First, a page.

Here we are - December - and there is still plenty for us to do at the Genuine Faux Farm. The issues this year are the normal ones (fewer hours of daylight and conditions are a little tougher to do outdoor work) and different than they have been (neither of us is a full-time farmer now). Essentially, we have plenty to do and less time to do it all in.
One of the things has been pushed back is the high tunnel clean-up. With the change in employment (among other things) we realized we had to cut back somewhere. This time around, some of cuts came by NOT planting late fall and over-wintered crops. The two of us regret not having some of the greens we would normally have this time of year - but given the reality that there are only so many hours in a day and only so much of us, we didn't have much of a choice.
And so - here we are - looking at getting the high tunnels cleaned up so we can get an early start with some crops next season.
The good news? It can be pretty nice working in a high tunnel on a sunny, but chilly day!
Then, there are the projects that you intended to do earlier - back when the grass was turning green and the shoots of new plants were just beginning to show themselves. At that moment in time there was so much we were going to accomplish! Things like.... cleaning up some perennial flower beds and putting wood mulch in them.
So, we got to late November and there was still this pile of wood mulch in our driveway. If we want to put the car in the garage, we've got to move that pile.... hm. Glad we have a tractor with a bucket! And, yes, we did get this one done - but we didn't put the wood mulch where we initially planned. The bushes in front of the solar panels WILL appreciate the mulch, that is certain. As far as the perennial beds? There is always next season.
There are ALWAYS the fall clean-up tasks that come with a diversified vegetable operation. One of these tasks is to take down all of the trellising that we use for various crops. We have used the trellis structures you see above for various crops but really liked how they worked with our outdoor peas this year. I think we'll do that one again. The clean-up was much faster than the plastic fencing we used to use for peas - and this is much easier to re-use.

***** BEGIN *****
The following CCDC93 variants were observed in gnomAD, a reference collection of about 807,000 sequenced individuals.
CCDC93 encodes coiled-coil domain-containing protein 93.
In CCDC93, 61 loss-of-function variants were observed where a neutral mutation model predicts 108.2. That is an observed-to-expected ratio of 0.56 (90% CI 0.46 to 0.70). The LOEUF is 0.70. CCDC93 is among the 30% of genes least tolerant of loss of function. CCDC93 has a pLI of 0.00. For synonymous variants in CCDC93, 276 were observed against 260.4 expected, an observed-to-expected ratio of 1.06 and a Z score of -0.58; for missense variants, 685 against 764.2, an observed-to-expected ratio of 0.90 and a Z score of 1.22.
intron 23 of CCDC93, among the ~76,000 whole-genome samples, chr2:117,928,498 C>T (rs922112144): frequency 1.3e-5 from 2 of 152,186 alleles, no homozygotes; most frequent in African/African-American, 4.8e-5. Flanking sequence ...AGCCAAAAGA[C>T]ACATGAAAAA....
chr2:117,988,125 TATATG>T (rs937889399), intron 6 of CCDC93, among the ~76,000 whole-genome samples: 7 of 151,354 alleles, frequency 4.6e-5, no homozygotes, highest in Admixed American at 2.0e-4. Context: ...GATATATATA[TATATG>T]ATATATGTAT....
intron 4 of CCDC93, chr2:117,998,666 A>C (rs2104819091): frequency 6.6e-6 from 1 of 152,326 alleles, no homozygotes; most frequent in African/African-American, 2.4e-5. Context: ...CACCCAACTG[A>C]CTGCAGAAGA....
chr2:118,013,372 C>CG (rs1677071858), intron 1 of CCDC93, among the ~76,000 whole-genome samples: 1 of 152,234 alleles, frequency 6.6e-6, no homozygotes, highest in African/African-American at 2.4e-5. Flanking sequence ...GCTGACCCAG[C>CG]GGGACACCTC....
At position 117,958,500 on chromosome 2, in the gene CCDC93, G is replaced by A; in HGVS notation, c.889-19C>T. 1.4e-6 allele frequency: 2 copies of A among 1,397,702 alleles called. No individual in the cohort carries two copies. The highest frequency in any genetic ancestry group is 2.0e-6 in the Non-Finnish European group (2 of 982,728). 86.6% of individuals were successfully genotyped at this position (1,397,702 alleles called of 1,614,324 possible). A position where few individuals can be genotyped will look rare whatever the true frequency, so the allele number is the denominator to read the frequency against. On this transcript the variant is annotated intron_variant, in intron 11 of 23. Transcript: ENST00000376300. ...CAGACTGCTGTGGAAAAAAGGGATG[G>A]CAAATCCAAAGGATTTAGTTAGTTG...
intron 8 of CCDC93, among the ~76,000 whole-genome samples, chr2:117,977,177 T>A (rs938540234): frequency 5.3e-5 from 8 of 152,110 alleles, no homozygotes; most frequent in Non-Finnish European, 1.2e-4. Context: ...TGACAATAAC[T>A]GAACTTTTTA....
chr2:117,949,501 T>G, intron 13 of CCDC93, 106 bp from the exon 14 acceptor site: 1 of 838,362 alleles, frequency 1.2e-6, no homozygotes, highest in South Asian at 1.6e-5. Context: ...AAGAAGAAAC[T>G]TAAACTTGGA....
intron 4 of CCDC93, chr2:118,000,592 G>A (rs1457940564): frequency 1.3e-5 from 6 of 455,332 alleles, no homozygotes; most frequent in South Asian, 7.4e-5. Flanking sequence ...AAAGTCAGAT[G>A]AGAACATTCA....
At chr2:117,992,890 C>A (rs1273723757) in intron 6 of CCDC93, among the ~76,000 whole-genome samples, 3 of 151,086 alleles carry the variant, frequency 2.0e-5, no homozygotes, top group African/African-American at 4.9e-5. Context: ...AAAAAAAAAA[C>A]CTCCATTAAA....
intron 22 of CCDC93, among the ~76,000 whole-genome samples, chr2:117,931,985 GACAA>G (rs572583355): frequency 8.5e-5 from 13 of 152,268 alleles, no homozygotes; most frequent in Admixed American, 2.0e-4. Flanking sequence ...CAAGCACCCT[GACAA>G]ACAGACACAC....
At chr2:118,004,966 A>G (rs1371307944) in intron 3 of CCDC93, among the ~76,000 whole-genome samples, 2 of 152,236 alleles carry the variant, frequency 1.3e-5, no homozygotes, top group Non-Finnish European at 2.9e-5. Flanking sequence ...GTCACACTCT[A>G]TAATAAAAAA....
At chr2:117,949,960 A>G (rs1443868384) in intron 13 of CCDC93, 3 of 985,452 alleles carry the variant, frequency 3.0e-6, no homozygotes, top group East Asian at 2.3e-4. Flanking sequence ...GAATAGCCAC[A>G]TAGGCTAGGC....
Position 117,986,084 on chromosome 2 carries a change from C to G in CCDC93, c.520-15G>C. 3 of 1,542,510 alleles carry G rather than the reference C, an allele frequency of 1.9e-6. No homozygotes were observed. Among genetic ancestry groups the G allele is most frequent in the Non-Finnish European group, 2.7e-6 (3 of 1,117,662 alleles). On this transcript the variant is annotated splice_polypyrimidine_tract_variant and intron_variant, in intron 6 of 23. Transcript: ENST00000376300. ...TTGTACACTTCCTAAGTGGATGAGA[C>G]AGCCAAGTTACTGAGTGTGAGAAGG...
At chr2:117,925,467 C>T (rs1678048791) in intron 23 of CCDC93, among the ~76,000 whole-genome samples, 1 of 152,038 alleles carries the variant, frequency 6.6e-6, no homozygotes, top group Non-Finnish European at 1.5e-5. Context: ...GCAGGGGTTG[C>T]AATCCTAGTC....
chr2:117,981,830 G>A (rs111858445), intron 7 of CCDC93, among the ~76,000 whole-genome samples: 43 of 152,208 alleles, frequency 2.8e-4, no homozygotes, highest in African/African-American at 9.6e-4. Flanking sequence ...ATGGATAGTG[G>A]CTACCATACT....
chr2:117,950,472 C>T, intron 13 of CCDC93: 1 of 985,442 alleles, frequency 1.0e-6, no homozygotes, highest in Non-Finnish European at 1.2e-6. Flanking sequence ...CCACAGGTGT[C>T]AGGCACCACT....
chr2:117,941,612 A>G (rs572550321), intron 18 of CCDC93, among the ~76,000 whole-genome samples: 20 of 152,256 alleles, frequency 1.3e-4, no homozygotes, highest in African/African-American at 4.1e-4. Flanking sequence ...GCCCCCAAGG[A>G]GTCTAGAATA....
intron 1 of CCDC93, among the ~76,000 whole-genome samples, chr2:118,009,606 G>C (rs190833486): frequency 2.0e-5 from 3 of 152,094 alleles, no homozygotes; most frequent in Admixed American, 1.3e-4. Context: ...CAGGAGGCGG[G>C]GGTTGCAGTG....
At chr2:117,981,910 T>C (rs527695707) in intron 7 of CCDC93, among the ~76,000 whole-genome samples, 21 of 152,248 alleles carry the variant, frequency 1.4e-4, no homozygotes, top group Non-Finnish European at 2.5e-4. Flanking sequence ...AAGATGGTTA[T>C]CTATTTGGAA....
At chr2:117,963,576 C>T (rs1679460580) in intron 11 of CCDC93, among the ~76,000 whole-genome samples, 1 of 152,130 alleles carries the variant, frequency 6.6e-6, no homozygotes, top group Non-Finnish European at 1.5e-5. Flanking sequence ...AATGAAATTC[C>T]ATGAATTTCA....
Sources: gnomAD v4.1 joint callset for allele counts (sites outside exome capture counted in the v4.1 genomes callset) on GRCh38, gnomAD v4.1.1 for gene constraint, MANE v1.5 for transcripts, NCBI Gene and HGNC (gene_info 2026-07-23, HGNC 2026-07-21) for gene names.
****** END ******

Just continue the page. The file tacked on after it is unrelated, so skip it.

Rosie the tractor gets a fair amount of use this time of year, as do some of our "hayracks." I use the quotes because they are used for nearly everything other than hay.
Throughout the course of a season, it feels like everything EXPLODES out from our various buildings as we put them to use. Ladders go out to the orchard trees. Irrigation header lines to various fields. Pallets get used for all sorts of things here and there on the farm. Then there are stakes, feeders, solar fence chargers and poultry netting. I am sure there was something more on this particular load.
The Inspector approved of my efforts once I brought it in closer to the buildings for unloading.
One of the few things that is happening right on time this year is the application of compost from our compost piles to some of the field areas. The trick, for us, is to get to the task while the finished compost is still unfrozen, but when the fields won't get too ripped up by the traffic.
This year, we have been blessed with a fall and early winter that has not been wet (unlike the last three or so years). That means we have had a bit more flexibility to spread the fertility where we want it. This year, the area west of Valhalla got a nice dose of fertility! We were also able to put some over the newly planted garlic.
With temperatures dropping, we can't expect to be able to do this much longer. But, if this is all I manage to move this season, I won't be too unhappy.
That's actually saying something when you have less time to do it all in.